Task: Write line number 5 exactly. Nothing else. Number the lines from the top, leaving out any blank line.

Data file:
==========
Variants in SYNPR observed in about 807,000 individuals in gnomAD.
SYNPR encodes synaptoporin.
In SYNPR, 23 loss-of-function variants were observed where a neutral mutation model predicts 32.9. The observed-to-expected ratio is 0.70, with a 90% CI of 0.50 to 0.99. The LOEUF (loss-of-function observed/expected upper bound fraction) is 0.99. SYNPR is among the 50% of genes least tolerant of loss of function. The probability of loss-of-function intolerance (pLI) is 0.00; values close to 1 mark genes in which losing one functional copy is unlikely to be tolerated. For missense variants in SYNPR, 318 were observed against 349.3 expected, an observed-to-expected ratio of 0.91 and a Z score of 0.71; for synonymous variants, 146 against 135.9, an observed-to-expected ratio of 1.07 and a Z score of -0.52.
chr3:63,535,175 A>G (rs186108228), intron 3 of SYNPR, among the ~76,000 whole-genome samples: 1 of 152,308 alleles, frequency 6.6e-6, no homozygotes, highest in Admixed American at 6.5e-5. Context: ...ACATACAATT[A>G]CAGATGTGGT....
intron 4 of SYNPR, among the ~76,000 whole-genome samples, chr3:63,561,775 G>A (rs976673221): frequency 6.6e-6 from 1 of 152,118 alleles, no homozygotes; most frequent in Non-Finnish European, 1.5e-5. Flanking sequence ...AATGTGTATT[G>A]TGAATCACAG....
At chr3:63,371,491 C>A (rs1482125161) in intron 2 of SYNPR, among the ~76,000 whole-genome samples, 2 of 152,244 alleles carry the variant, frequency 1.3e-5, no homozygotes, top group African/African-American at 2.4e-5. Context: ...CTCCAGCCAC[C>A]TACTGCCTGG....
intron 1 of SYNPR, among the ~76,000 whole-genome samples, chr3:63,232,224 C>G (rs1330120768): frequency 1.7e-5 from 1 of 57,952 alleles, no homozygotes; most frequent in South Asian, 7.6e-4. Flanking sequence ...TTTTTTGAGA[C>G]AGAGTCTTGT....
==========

intron 4 of SYNPR, among the ~76,000 whole-genome samples, chr3:63,561,775 G>A (rs976673221): frequency 6.6e-6 from 1 of 152,118 alleles, no homozygotes; most frequent in Non-Finnish European, 1.5e-5. Flanking sequence ...AATGTGTATT[G>A]TGAATCACAG....